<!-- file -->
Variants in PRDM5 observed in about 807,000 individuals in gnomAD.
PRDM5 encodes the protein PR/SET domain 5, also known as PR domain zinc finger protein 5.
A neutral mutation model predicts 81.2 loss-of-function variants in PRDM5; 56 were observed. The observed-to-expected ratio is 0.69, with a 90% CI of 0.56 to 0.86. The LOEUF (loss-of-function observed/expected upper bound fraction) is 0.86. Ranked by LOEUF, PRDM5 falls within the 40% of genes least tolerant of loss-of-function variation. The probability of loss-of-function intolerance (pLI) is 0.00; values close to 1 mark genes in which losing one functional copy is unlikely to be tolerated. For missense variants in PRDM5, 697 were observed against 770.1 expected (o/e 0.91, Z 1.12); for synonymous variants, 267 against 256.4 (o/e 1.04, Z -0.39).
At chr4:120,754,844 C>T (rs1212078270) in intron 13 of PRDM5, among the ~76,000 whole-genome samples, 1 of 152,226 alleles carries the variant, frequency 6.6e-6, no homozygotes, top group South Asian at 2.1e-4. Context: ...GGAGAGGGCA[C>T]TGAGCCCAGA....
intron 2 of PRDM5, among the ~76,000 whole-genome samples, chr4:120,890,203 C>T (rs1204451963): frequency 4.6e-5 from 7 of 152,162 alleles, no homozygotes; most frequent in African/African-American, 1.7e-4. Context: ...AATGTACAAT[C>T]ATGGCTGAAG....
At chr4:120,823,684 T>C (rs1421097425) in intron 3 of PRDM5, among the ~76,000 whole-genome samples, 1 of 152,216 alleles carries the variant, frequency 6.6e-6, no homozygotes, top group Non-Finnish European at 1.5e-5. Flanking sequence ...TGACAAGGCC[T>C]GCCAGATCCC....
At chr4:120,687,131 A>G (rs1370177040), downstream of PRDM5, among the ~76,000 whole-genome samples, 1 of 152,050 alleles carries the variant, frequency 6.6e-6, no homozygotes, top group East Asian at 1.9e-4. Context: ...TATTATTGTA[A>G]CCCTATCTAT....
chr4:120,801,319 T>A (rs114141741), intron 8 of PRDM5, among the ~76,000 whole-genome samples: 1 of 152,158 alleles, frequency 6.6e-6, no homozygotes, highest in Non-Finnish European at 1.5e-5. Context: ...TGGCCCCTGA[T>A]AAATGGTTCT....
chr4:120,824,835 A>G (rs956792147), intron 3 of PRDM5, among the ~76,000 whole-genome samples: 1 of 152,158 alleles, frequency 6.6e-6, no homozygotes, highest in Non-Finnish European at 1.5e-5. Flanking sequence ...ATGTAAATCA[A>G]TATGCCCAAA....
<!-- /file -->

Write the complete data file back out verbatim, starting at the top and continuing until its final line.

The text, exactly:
Variants in PRDM5 observed in about 807,000 individuals in gnomAD.
PRDM5 encodes the protein PR/SET domain 5, also known as PR domain zinc finger protein 5.
A neutral mutation model predicts 81.2 loss-of-function variants in PRDM5; 56 were observed. The observed-to-expected ratio is 0.69, with a 90% CI of 0.56 to 0.86. The LOEUF (loss-of-function observed/expected upper bound fraction) is 0.86. Ranked by LOEUF, PRDM5 falls within the 40% of genes least tolerant of loss-of-function variation. The probability of loss-of-function intolerance (pLI) is 0.00; values close to 1 mark genes in which losing one functional copy is unlikely to be tolerated. For missense variants in PRDM5, 697 were observed against 770.1 expected (o/e 0.91, Z 1.12); for synonymous variants, 267 against 256.4 (o/e 1.04, Z -0.39).
At chr4:120,754,844 C>T (rs1212078270) in intron 13 of PRDM5, among the ~76,000 whole-genome samples, 1 of 152,226 alleles carries the variant, frequency 6.6e-6, no homozygotes, top group South Asian at 2.1e-4. Context: ...GGAGAGGGCA[C>T]TGAGCCCAGA....
intron 2 of PRDM5, among the ~76,000 whole-genome samples, chr4:120,890,203 C>T (rs1204451963): frequency 4.6e-5 from 7 of 152,162 alleles, no homozygotes; most frequent in African/African-American, 1.7e-4. Context: ...AATGTACAAT[C>T]ATGGCTGAAG....
At chr4:120,823,684 T>C (rs1421097425) in intron 3 of PRDM5, among the ~76,000 whole-genome samples, 1 of 152,216 alleles carries the variant, frequency 6.6e-6, no homozygotes, top group Non-Finnish European at 1.5e-5. Flanking sequence ...TGACAAGGCC[T>C]GCCAGATCCC....
At chr4:120,687,131 A>G (rs1370177040), downstream of PRDM5, among the ~76,000 whole-genome samples, 1 of 152,050 alleles carries the variant, frequency 6.6e-6, no homozygotes, top group East Asian at 1.9e-4. Context: ...TATTATTGTA[A>G]CCCTATCTAT....
chr4:120,801,319 T>A (rs114141741), intron 8 of PRDM5, among the ~76,000 whole-genome samples: 1 of 152,158 alleles, frequency 6.6e-6, no homozygotes, highest in Non-Finnish European at 1.5e-5. Context: ...TGGCCCCTGA[T>A]AAATGGTTCT....
chr4:120,824,835 A>G (rs956792147), intron 3 of PRDM5, among the ~76,000 whole-genome samples: 1 of 152,158 alleles, frequency 6.6e-6, no homozygotes, highest in Non-Finnish European at 1.5e-5. Flanking sequence ...ATGTAAATCA[A>G]TATGCCCAAA....